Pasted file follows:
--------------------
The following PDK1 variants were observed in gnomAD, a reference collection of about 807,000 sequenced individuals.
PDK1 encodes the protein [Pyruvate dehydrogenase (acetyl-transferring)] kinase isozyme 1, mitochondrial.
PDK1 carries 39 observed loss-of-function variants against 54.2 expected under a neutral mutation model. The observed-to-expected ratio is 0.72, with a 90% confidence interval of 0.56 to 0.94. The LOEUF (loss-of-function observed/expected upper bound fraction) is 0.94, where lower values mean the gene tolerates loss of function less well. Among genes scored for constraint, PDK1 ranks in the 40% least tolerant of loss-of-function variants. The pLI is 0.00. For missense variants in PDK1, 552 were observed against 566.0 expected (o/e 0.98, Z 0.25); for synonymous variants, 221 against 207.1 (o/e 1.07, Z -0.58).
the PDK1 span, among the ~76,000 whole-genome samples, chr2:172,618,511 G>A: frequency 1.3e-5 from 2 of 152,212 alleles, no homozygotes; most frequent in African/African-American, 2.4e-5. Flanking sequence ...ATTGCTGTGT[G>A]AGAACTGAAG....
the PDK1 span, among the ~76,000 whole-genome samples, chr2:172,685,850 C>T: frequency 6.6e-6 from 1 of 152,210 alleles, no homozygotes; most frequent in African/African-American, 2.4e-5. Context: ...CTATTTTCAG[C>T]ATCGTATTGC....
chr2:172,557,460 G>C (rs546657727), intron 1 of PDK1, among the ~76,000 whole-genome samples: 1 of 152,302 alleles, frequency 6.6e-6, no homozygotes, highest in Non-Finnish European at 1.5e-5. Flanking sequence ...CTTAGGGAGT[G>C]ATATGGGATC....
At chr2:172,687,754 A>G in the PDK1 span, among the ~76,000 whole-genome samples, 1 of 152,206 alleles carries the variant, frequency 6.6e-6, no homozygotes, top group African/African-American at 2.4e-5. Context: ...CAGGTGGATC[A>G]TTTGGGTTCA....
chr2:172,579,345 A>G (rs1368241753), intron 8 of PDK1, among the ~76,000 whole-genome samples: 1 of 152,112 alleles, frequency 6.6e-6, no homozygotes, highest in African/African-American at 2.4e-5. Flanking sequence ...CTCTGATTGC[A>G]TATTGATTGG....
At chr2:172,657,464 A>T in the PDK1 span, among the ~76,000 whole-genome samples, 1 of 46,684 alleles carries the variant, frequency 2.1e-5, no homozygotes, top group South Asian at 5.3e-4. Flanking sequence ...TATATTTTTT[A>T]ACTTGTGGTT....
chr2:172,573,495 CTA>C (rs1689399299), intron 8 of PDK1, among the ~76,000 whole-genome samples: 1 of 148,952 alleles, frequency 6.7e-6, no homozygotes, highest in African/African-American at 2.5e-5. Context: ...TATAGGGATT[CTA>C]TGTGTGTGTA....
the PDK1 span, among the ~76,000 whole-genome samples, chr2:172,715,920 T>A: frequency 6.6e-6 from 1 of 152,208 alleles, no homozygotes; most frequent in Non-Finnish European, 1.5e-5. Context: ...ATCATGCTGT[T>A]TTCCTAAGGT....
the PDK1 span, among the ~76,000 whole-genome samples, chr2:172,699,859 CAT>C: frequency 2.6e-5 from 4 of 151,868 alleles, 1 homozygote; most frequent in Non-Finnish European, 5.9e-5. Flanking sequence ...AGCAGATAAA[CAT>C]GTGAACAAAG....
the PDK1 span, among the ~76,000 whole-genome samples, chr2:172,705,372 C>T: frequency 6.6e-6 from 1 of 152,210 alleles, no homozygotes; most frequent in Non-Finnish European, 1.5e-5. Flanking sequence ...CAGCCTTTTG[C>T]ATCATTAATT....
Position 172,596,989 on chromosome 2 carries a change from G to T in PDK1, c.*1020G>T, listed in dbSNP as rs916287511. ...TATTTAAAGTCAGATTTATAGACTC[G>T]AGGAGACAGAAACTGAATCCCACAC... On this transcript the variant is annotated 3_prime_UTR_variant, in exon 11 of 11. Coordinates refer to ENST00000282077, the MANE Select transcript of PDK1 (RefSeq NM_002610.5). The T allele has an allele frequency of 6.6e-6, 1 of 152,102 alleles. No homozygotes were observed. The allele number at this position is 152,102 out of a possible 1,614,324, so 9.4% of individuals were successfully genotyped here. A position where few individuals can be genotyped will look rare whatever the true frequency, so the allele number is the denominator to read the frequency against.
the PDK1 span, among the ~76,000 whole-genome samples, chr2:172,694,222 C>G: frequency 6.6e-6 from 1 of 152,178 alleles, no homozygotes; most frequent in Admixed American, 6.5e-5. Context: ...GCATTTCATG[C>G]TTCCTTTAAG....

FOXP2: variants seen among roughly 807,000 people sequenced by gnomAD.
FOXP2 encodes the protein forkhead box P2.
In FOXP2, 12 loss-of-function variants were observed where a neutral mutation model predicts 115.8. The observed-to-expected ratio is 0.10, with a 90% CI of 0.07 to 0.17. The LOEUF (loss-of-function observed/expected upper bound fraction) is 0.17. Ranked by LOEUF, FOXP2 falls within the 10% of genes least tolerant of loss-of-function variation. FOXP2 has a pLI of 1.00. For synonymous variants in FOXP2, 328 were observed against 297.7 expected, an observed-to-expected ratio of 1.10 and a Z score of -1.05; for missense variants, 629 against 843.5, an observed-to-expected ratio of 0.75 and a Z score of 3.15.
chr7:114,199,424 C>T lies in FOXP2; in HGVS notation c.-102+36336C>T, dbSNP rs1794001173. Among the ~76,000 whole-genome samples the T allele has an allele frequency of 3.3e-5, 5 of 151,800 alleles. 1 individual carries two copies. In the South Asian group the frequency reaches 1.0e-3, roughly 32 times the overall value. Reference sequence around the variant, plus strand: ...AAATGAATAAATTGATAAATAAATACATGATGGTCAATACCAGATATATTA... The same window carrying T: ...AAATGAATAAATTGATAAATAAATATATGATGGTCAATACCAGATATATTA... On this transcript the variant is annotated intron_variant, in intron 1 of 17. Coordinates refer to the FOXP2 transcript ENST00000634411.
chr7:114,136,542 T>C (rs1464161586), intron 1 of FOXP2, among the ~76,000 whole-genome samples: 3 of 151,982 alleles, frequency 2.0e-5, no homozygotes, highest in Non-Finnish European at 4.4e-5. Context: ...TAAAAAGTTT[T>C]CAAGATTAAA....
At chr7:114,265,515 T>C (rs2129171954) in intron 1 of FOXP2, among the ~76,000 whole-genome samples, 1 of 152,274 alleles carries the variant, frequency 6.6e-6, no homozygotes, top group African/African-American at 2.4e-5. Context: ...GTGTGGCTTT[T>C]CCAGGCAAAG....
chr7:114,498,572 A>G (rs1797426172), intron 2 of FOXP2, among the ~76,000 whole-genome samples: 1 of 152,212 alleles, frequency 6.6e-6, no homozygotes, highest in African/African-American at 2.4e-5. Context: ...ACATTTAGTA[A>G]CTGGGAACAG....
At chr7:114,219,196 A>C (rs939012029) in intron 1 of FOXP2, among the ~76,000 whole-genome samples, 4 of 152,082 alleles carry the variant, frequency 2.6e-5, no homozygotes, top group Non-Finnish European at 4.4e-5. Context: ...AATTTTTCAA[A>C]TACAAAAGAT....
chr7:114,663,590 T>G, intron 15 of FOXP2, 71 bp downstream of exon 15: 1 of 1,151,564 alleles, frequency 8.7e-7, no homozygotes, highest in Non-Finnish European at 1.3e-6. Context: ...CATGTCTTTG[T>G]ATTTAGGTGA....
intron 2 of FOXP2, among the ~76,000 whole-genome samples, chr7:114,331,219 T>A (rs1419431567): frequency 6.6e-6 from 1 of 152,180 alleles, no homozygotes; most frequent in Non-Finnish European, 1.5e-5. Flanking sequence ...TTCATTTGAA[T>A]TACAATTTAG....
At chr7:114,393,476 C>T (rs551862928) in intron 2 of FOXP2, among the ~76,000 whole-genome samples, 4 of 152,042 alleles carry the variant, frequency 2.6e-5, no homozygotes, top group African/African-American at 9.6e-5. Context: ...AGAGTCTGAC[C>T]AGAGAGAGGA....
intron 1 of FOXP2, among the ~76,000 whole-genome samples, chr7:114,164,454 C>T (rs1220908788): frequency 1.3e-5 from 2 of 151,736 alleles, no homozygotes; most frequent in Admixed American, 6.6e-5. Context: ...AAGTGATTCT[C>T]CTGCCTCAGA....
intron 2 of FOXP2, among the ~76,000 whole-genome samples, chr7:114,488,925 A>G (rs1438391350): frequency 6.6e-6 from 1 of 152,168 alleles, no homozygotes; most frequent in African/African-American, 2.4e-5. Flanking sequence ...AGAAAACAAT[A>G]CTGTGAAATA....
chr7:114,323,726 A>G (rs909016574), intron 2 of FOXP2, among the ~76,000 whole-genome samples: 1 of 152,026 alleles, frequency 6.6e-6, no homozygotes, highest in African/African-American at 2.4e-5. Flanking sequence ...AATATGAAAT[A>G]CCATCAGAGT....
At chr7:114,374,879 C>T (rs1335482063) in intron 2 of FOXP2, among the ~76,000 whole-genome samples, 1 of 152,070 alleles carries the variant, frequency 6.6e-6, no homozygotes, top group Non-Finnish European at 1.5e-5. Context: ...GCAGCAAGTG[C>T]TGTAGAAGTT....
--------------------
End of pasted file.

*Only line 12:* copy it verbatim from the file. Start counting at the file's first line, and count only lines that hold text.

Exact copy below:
the PDK1 span, among the ~76,000 whole-genome samples, chr2:172,699,859 CAT>C: frequency 2.6e-5 from 4 of 151,868 alleles, 1 homozygote; most frequent in Non-Finnish European, 5.9e-5. Flanking sequence ...AGCAGATAAA[CAT>C]GTGAACAAAG....